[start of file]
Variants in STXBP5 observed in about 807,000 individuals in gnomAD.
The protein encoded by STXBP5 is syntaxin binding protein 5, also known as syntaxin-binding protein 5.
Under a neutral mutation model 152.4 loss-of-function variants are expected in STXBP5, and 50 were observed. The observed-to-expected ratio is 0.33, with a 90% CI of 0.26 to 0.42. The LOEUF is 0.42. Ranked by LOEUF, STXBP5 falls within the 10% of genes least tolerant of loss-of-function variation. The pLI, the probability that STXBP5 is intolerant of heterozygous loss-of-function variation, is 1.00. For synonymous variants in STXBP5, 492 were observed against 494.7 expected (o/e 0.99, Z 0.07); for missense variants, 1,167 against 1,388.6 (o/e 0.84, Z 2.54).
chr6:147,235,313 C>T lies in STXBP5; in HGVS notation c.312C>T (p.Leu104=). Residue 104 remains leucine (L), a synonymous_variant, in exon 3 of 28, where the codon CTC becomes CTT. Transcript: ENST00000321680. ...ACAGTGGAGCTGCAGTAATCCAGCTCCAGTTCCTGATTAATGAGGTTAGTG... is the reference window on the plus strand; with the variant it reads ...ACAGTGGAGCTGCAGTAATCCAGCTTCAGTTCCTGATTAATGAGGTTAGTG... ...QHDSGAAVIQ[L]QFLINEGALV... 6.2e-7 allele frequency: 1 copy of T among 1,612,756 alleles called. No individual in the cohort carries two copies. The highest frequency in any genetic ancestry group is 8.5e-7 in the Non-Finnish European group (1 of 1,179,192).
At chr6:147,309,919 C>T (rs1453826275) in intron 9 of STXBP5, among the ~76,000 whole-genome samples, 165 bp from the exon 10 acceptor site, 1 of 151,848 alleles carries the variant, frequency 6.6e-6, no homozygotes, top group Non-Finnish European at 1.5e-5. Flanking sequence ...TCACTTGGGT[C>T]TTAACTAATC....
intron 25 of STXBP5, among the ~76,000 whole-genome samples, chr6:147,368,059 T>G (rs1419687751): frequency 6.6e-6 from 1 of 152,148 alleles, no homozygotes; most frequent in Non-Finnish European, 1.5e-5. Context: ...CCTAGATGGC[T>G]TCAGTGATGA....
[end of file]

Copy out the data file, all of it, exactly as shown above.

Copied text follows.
Variants in STXBP5 observed in about 807,000 individuals in gnomAD.
The protein encoded by STXBP5 is syntaxin binding protein 5, also known as syntaxin-binding protein 5.
Under a neutral mutation model 152.4 loss-of-function variants are expected in STXBP5, and 50 were observed. The observed-to-expected ratio is 0.33, with a 90% CI of 0.26 to 0.42. The LOEUF is 0.42. Ranked by LOEUF, STXBP5 falls within the 10% of genes least tolerant of loss-of-function variation. The pLI, the probability that STXBP5 is intolerant of heterozygous loss-of-function variation, is 1.00. For synonymous variants in STXBP5, 492 were observed against 494.7 expected (o/e 0.99, Z 0.07); for missense variants, 1,167 against 1,388.6 (o/e 0.84, Z 2.54).
chr6:147,235,313 C>T lies in STXBP5; in HGVS notation c.312C>T (p.Leu104=). Residue 104 remains leucine (L), a synonymous_variant, in exon 3 of 28, where the codon CTC becomes CTT. Transcript: ENST00000321680. ...ACAGTGGAGCTGCAGTAATCCAGCTCCAGTTCCTGATTAATGAGGTTAGTG... is the reference window on the plus strand; with the variant it reads ...ACAGTGGAGCTGCAGTAATCCAGCTTCAGTTCCTGATTAATGAGGTTAGTG... ...QHDSGAAVIQ[L]QFLINEGALV... 6.2e-7 allele frequency: 1 copy of T among 1,612,756 alleles called. No individual in the cohort carries two copies. The highest frequency in any genetic ancestry group is 8.5e-7 in the Non-Finnish European group (1 of 1,179,192).
At chr6:147,309,919 C>T (rs1453826275) in intron 9 of STXBP5, among the ~76,000 whole-genome samples, 165 bp from the exon 10 acceptor site, 1 of 151,848 alleles carries the variant, frequency 6.6e-6, no homozygotes, top group Non-Finnish European at 1.5e-5. Flanking sequence ...TCACTTGGGT[C>T]TTAACTAATC....
intron 25 of STXBP5, among the ~76,000 whole-genome samples, chr6:147,368,059 T>G (rs1419687751): frequency 6.6e-6 from 1 of 152,148 alleles, no homozygotes; most frequent in Non-Finnish European, 1.5e-5. Context: ...CCTAGATGGC[T>G]TCAGTGATGA....